• Mixed: If either the time limit or all players have ended their turn, command points are renewed.

Cool technology that needs to be built

  • Server: There is a server that tracks the state of each game. All calculations of world state are performed on the server.
  • Client: There is a client that can display updates from the server when the world state changes. The client must also be able to submit action that change the world state.
  • Command Management System: There is a system that manages command points and the end of turns.

Example

Document Note: Features are often difficult to visualize without a diagram and a game play example. If you want your design to convince, you need to include clear, emotionally exciting examples of each feature in action.

“Ray logs into his latest SpaceCrack game with his regular playing buddies. He got the new turn notification last night in his email, but didn’t get a chance to play since it was date night.
He has 10 command points available. Looks like Porter is online as well and the other guys have already finished their turns. Ray does a quick glance over the map and the news log to see what has occurred.

He moves a few of his ships towards an enemy planet. The missles fly and he destroys the defending ship. Within a minute of playing, he has launched 4 attacks and taken over 1 planet. He spends a couple more points building upgrades on his new planet and another couple of Command points moving some ships in as reinforcements.

A message blinks and Porter sends him a message ‘Hey, check the Troglis system.’ Ray zooms over to the Troglis system just in time to see Porter’s battle ships knock the planet flying. Daniel, the planet’s owner, is asleep in Sweden but that’s okay. The way the command points work, this isn’t like a RTS where he could have mounted some twitch response. Daniel will see the report in the morning.

Ray decides to save his remaining Command points and hits the End Turn button. Once everyone has finished, there’ll be a new round with a batch of fresh Command points waiting him tomorrow. “

Conclusion
I wanted to get the concept of simultaneous turns up front since it has a major impact on the rest of the design. In the next post I'll cover the basic elements of the game design: Token, Verbs, and Rules.

In other news, I've also been mocking up the graphic style of the game and some of the basic interface systems. I'm doing my mockups in Anark Studio and though I'm biased (I designed the damn tool), it is truely a joy to whip up this sort of thing. I banged out a working pie menu in a couple of hours and I didn't need a programmer. As a game designer who can't code my way out of a paper bag, this is truely an empowering experience.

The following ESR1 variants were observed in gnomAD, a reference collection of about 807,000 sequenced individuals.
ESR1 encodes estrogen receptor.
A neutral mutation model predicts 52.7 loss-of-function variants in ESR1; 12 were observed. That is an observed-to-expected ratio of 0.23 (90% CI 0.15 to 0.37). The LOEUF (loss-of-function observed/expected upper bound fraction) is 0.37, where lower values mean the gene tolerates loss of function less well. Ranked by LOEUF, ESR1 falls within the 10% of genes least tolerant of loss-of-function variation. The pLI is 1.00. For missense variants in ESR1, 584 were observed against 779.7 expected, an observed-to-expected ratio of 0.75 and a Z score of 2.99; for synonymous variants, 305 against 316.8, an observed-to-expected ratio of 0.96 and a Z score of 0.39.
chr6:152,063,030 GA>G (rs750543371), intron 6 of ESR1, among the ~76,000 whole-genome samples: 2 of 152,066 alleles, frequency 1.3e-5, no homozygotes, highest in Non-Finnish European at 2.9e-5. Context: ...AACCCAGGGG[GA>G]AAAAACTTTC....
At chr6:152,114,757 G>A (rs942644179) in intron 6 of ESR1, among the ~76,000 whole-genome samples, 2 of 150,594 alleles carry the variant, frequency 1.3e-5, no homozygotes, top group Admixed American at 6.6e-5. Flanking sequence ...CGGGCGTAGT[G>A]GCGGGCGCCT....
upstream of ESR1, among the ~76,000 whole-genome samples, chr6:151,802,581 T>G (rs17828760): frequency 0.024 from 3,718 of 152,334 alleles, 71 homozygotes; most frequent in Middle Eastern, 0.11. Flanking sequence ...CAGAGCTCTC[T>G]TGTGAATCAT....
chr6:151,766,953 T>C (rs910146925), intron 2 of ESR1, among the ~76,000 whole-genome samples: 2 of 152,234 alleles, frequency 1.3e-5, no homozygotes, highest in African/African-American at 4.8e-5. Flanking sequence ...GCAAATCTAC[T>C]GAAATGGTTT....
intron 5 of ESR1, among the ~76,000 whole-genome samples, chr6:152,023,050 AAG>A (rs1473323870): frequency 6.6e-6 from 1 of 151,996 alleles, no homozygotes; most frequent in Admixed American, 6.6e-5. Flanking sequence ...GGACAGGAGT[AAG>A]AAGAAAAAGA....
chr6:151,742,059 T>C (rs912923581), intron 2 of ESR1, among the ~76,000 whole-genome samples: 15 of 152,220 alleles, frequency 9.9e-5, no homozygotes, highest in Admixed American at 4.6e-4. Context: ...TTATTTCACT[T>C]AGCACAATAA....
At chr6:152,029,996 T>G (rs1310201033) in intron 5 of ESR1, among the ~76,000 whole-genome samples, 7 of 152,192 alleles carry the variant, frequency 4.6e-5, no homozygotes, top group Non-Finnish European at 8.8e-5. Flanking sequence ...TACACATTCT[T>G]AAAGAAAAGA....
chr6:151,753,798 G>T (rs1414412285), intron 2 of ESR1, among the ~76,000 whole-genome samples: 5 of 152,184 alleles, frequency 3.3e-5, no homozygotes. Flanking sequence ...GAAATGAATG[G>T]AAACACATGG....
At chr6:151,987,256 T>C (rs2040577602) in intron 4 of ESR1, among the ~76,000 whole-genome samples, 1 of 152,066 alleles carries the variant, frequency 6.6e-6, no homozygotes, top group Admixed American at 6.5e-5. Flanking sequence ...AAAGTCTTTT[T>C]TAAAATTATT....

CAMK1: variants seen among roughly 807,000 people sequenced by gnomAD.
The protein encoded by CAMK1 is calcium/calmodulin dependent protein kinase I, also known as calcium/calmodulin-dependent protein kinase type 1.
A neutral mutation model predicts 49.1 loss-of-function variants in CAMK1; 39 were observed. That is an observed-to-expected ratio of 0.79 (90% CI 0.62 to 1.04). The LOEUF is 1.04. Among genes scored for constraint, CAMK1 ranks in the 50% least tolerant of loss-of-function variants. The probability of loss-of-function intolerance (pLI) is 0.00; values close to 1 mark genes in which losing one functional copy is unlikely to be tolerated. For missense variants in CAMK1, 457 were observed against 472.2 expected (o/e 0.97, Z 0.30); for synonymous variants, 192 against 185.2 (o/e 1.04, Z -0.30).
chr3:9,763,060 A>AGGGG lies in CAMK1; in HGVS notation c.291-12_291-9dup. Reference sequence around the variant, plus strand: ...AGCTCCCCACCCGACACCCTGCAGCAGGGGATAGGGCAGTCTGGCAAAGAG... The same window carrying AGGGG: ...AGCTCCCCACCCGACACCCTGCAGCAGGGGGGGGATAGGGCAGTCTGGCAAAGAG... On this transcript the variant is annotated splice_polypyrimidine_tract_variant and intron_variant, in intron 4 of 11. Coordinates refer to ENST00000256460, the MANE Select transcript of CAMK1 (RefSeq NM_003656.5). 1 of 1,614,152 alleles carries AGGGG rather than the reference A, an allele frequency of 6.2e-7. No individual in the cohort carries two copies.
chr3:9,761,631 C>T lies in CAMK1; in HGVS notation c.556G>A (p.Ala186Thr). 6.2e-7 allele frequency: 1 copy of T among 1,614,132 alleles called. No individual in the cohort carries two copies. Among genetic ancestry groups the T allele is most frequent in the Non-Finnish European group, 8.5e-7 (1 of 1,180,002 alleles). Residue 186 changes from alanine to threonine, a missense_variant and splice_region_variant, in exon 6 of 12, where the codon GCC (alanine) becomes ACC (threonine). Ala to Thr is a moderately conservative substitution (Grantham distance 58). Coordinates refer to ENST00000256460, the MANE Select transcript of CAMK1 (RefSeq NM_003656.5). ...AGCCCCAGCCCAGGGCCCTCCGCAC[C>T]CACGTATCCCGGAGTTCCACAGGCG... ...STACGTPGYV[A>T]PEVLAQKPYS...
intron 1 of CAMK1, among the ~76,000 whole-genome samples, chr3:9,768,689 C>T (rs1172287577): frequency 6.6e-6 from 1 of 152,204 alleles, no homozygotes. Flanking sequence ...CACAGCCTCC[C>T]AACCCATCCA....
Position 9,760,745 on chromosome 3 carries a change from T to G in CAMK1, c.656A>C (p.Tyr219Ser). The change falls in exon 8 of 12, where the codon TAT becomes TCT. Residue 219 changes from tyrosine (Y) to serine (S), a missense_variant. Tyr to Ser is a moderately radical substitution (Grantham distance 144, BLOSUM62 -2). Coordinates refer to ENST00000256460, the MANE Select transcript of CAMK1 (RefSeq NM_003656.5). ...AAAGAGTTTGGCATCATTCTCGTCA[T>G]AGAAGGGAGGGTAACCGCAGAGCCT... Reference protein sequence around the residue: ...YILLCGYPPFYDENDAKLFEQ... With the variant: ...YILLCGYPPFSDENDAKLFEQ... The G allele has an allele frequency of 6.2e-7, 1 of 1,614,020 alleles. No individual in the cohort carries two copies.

The next post is up! Read it now.

take care
Danc.


Saturday, June 11, 2005

Nintendogs: The case of the non-game that barked like a game

A game design review of an innovative game

My beautiful lass recently borrowed a copy of Nintendogs from a friend (Thank you Porter!). This title has been burning up the charts in Japan and managed to get a perfect score in Famitsu magazine, a feat matched by only 4 other games in history. Why is it so successful and what can we learn from it as game designers?

This is a game design review, not a game review. A game review typically is written for the consumer and is intended to help them decide if they want to purchase the title. A game design review is written for other game developers and is intended to highlight successes and failures of the various layers of the game design. The hope is that we learn from the successful design practices and apply them in an intelligent fashion to our future titles.

Not a game?
The first thing that arises whenever someone talks about Nintendogs is the claim that it is not a game. "Dude, it is just a stupid Tamagotchi clone with dogs!" Such a vehement response is indicative of a larger trend in both the designer and gaming community. Unfortunately, it is a trend that has its roots in a fundamental misunderstanding of game design.

To generalize, there are two camps of designers in the world

  • Craftsman designers: Craftsman designers look at existing titles on the market and build up these to create improved titles. Craftsman designers are always hardcore game players with intimate knowledge of their preferred genre. Craftsmen know details, but fail to see deeper patterns.
  • Theoretical designers: Theoretical designers looks for common elements across all game genres and builds their designs from these fundamental parts. Where a craftsman designer might say "My FPS (First Person Shooter) needs a double shot gun to replace the single shotgun", a theoretical designer might say "Player enjoyment is dropping at this point, so we need to add a new risk/reward schedule."

The craftsman definition of a game.
Each of these two groups looks at a title like Nintendogs in very different ways. A craftsman designer classifies a title as a game if it fits into a pre-existing category. Is it a RTS game, a FPS, an adventure game, etc?

  • Is the game title part of a pre-existing genre?
  • If so how does that title compare to my personal enjoyment of other games in that genre?